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Trends are the future, literally! We are trained to investigate the future. Curious? Read about the techniques we use.


Our students develop various concepts for our relations. How? Here, you read all about it. 

Trend research and concept development are deeply intertwined in our education. The combination of in depth trend research and concept development gives our students an advance: using trends to design real on the spot concepts, that can make sure your company knows how to react to innovations in the market.

We will give a glimpse on the basics of trend research and how it is taught at International Lifestyle Studies.


How do we define trend research?

We think trend research is the study of change. Our students are looking for signals that indicate patterns of change. These patterns of change show that people’s needs and wants are shifting in specific directions. We call these patterns trends.


The trends are driven by global forces and are visible in our society by a certain style, language, behaviour or possibly a new service. These manifestations can be spotted amongst specific mentality groups in society who are setting the trend or embracing it in an early stage.


Why do we teach trend research?

Trend research is centred around curiosity and finding an answer to why change happens. It can be seen as researching change in a systematic way in order to pinpoint new directions of change. With this output, companies and governments are able to adapt their strategies and become future proof. There you have it, the purpose of trend research is innovation! 


At International Lifestyle studies students are trained to scan the environment for signs of change, analyse their trend spots in-depth and apply their trend insights to kick-start concepting and create meaningful innovation


Our method!

 In How To Research Trends our vision is portrayed on how to become a trend researcher as taught on Fontys International Lifestyle studies.

'Creating future proof concepts that improve our quality of life.'


What is a concept?

People that work as concept developers speak a common language, which enables them to understand each other’s work. An architect can quite easily explain a concept to a software developer, or even to a philosopher. They all develop concepts.


What differs is the way they define the word concept. A spatial concept has other ingredients compared to a philosophical concept, it depends on the industry you work in. So based on ingredients, there is some risk of misunderstanding and confusion.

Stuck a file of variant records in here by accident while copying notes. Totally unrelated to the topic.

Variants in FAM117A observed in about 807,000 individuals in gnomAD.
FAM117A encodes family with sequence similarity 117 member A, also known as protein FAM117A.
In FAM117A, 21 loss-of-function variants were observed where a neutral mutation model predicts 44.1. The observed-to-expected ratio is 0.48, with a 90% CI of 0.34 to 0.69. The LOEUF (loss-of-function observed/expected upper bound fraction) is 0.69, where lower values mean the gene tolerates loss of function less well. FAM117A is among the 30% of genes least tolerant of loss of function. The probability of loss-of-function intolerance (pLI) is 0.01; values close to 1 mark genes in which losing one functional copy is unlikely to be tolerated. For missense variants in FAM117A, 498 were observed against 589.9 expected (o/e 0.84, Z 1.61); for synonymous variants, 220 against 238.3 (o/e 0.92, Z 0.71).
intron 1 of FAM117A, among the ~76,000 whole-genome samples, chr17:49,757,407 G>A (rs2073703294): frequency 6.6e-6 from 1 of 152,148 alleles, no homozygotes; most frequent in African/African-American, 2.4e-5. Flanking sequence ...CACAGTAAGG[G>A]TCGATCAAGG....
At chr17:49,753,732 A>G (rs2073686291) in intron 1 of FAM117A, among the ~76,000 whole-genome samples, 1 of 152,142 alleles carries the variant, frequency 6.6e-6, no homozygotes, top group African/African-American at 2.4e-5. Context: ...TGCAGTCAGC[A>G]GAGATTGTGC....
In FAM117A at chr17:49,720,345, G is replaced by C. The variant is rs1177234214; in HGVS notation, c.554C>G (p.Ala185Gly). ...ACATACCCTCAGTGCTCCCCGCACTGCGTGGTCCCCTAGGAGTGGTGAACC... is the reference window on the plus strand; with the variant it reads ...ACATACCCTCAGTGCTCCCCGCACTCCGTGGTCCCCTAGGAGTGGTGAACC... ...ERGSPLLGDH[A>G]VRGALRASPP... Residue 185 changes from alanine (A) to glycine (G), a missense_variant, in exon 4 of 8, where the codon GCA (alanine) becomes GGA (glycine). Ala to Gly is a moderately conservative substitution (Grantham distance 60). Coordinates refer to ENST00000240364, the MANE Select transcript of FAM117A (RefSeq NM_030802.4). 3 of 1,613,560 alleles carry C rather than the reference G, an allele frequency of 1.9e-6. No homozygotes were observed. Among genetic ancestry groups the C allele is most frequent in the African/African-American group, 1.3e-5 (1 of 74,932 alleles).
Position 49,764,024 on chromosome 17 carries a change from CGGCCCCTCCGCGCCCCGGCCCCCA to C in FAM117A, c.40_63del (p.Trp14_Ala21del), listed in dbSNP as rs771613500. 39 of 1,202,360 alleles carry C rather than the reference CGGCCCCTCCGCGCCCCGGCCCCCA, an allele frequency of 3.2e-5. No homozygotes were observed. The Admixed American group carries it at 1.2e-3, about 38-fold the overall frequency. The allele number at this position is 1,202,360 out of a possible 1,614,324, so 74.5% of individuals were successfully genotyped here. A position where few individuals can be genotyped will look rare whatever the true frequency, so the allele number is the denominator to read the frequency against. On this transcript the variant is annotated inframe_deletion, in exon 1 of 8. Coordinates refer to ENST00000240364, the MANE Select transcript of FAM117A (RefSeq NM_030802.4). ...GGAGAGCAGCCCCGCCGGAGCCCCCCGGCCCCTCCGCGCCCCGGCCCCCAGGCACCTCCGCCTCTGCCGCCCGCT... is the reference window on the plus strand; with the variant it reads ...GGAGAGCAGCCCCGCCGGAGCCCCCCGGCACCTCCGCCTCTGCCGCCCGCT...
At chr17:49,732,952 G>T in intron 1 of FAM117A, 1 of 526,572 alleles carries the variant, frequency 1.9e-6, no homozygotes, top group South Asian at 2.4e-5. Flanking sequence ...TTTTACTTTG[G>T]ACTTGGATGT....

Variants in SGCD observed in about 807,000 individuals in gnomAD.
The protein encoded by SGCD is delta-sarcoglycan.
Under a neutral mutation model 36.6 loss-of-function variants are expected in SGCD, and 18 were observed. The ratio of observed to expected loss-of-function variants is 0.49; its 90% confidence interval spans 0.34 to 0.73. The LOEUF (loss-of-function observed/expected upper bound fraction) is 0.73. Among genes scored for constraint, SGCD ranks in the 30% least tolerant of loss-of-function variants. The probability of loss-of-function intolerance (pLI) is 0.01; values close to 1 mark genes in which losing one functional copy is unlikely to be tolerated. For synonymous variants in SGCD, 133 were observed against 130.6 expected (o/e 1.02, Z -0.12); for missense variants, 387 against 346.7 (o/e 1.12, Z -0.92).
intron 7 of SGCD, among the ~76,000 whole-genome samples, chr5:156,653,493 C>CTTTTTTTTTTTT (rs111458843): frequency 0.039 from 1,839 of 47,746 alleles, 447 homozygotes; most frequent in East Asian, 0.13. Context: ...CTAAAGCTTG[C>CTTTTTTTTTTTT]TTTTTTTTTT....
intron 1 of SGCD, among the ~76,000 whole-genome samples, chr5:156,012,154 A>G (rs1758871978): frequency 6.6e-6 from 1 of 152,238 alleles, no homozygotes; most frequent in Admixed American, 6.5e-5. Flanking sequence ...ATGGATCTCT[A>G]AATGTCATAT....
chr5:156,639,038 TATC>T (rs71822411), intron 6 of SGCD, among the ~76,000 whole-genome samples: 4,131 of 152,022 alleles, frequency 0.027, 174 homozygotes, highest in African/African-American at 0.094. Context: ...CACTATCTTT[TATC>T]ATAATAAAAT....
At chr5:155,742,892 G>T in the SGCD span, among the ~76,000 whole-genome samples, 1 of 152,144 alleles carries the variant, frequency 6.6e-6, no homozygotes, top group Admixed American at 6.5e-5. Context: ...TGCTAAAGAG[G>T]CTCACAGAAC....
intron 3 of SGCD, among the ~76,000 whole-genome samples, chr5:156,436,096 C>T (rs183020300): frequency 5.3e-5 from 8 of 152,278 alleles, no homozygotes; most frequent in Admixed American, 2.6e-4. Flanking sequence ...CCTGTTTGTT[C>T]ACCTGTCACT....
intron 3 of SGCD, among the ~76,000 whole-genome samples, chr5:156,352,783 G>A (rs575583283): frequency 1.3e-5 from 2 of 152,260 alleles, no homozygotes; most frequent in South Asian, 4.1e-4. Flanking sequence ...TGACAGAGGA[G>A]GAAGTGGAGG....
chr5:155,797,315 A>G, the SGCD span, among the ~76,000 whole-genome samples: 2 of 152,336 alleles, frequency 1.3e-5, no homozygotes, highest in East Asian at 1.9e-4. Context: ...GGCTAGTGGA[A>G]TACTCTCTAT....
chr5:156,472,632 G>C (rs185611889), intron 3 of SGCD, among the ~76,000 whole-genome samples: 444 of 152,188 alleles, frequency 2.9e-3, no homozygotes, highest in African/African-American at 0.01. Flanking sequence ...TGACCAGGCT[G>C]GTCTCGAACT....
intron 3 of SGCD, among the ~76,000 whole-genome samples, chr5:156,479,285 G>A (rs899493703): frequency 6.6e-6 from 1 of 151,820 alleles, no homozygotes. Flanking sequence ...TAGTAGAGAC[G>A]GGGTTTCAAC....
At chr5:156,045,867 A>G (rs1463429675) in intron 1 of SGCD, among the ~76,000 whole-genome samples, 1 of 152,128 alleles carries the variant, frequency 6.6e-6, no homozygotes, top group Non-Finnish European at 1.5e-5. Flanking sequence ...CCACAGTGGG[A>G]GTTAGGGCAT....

Why we prefer concepting

The magic therefore must be in something else. In fact it’s about getting rid of the word ‘concept' and introducing the verb ‘concepting'. It’s about a way of thinking! Being able to understand and reflect on abstract phenomena in society, to subsequently translate them into daily life innovation. Or, translating trends into viable products and services. This skill is an important asset in a world that is getting more and more complex; we need creativity to shape our future.


Our method!

It all started out with a Dutch textbook 'Serious Concepting, value through values' by Jakob Sutmuller and Rudy van Belkom (2014), written for the concepting course at International Lifestyle Studies. This is the first and only educational program in the Netherlands that focusses on concepting as a fully-fledged innovation-driven discipline that will contribute to a better quality of life.


How to get future proof?

The discipline of concepting as illustrated in the book is inspired by five principles determined by the program of ILS, developed by lecturers and researchers working for ILS. In fact they represent the important distinguishing ambitions ILS has in creating future proof, customer specific concepts that improve their quality of life. These principles are: Trends, Innovation, Cross-sectorality, Lifestyle and Quality of Life. Together they make up to a concepting process we call serious concepting.


Conceptdevelopment is based on the book and has a platform with the same name: SERIOUS CONCEPTING.



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